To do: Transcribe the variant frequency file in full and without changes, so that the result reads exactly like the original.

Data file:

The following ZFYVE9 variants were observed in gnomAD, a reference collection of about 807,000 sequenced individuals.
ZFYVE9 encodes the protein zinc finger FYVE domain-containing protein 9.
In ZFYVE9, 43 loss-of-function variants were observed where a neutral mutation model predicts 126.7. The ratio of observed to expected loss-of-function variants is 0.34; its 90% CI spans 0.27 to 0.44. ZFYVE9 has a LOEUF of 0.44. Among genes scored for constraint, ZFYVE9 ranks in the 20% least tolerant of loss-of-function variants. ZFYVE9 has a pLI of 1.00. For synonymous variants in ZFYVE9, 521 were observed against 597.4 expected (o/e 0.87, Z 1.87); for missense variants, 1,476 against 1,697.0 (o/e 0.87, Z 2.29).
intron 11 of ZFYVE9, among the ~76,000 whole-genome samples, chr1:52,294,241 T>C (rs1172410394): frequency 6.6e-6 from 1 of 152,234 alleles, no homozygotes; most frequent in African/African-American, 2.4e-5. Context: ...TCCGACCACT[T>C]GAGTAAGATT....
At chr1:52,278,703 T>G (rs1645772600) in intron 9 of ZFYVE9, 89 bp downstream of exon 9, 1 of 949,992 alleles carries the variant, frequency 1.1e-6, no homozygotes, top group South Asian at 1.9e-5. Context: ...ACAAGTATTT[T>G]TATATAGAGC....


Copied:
The following ZFYVE9 variants were observed in gnomAD, a reference collection of about 807,000 sequenced individuals.
ZFYVE9 encodes the protein zinc finger FYVE domain-containing protein 9.
In ZFYVE9, 43 loss-of-function variants were observed where a neutral mutation model predicts 126.7. The ratio of observed to expected loss-of-function variants is 0.34; its 90% CI spans 0.27 to 0.44. ZFYVE9 has a LOEUF of 0.44. Among genes scored for constraint, ZFYVE9 ranks in the 20% least tolerant of loss-of-function variants. ZFYVE9 has a pLI of 1.00. For synonymous variants in ZFYVE9, 521 were observed against 597.4 expected (o/e 0.87, Z 1.87); for missense variants, 1,476 against 1,697.0 (o/e 0.87, Z 2.29).
intron 11 of ZFYVE9, among the ~76,000 whole-genome samples, chr1:52,294,241 T>C (rs1172410394): frequency 6.6e-6 from 1 of 152,234 alleles, no homozygotes; most frequent in African/African-American, 2.4e-5. Context: ...TCCGACCACT[T>C]GAGTAAGATT....
At chr1:52,278,703 T>G (rs1645772600) in intron 9 of ZFYVE9, 89 bp downstream of exon 9, 1 of 949,992 alleles carries the variant, frequency 1.1e-6, no homozygotes, top group South Asian at 1.9e-5. Context: ...ACAAGTATTT[T>G]TATATAGAGC....